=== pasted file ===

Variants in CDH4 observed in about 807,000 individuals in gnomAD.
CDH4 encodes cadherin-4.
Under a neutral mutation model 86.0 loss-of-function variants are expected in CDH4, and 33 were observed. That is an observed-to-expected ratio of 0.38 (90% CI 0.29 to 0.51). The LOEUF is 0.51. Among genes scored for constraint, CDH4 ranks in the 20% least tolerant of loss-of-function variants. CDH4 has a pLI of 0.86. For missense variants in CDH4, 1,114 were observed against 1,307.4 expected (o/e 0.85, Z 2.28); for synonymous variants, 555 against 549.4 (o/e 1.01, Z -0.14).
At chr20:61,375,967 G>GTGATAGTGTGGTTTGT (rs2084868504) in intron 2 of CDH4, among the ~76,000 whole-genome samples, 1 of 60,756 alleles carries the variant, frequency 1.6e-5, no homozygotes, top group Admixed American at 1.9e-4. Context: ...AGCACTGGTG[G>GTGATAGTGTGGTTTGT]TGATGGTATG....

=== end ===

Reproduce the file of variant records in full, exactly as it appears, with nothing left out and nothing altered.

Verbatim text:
Variants in CDH4 observed in about 807,000 individuals in gnomAD.
CDH4 encodes cadherin-4.
Under a neutral mutation model 86.0 loss-of-function variants are expected in CDH4, and 33 were observed. That is an observed-to-expected ratio of 0.38 (90% CI 0.29 to 0.51). The LOEUF is 0.51. Among genes scored for constraint, CDH4 ranks in the 20% least tolerant of loss-of-function variants. CDH4 has a pLI of 0.86. For missense variants in CDH4, 1,114 were observed against 1,307.4 expected (o/e 0.85, Z 2.28); for synonymous variants, 555 against 549.4 (o/e 1.01, Z -0.14).
At chr20:61,375,967 G>GTGATAGTGTGGTTTGT (rs2084868504) in intron 2 of CDH4, among the ~76,000 whole-genome samples, 1 of 60,756 alleles carries the variant, frequency 1.6e-5, no homozygotes, top group Admixed American at 1.9e-4. Context: ...AGCACTGGTG[G>GTGATAGTGTGGTTTGT]TGATGGTATG....